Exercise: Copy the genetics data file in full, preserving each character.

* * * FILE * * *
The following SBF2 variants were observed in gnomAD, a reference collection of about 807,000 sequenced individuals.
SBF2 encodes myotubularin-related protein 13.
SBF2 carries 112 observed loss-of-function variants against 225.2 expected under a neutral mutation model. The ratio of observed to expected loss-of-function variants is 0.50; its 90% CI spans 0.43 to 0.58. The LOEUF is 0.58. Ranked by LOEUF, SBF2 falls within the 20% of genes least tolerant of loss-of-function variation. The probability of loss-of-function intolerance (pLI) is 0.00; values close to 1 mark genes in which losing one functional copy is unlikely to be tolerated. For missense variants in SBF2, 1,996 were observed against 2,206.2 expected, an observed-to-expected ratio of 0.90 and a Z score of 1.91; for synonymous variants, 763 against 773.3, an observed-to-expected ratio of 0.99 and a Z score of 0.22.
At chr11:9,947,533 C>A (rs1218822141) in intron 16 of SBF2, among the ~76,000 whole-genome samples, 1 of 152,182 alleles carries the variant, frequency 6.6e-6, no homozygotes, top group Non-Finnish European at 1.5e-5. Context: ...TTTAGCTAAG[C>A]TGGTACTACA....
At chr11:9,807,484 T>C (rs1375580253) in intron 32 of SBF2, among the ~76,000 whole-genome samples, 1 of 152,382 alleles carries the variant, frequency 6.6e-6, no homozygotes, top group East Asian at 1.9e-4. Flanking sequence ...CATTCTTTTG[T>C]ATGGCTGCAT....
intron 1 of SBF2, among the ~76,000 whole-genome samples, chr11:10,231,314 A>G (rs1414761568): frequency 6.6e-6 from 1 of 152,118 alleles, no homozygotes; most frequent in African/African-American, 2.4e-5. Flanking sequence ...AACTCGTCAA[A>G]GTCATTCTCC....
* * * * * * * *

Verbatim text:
The following SBF2 variants were observed in gnomAD, a reference collection of about 807,000 sequenced individuals.
SBF2 encodes myotubularin-related protein 13.
SBF2 carries 112 observed loss-of-function variants against 225.2 expected under a neutral mutation model. The ratio of observed to expected loss-of-function variants is 0.50; its 90% CI spans 0.43 to 0.58. The LOEUF is 0.58. Ranked by LOEUF, SBF2 falls within the 20% of genes least tolerant of loss-of-function variation. The probability of loss-of-function intolerance (pLI) is 0.00; values close to 1 mark genes in which losing one functional copy is unlikely to be tolerated. For missense variants in SBF2, 1,996 were observed against 2,206.2 expected, an observed-to-expected ratio of 0.90 and a Z score of 1.91; for synonymous variants, 763 against 773.3, an observed-to-expected ratio of 0.99 and a Z score of 0.22.
At chr11:9,947,533 C>A (rs1218822141) in intron 16 of SBF2, among the ~76,000 whole-genome samples, 1 of 152,182 alleles carries the variant, frequency 6.6e-6, no homozygotes, top group Non-Finnish European at 1.5e-5. Context: ...TTTAGCTAAG[C>A]TGGTACTACA....
At chr11:9,807,484 T>C (rs1375580253) in intron 32 of SBF2, among the ~76,000 whole-genome samples, 1 of 152,382 alleles carries the variant, frequency 6.6e-6, no homozygotes, top group East Asian at 1.9e-4. Flanking sequence ...CATTCTTTTG[T>C]ATGGCTGCAT....
intron 1 of SBF2, among the ~76,000 whole-genome samples, chr11:10,231,314 A>G (rs1414761568): frequency 6.6e-6 from 1 of 152,118 alleles, no homozygotes; most frequent in African/African-American, 2.4e-5. Flanking sequence ...AACTCGTCAA[A>G]GTCATTCTCC....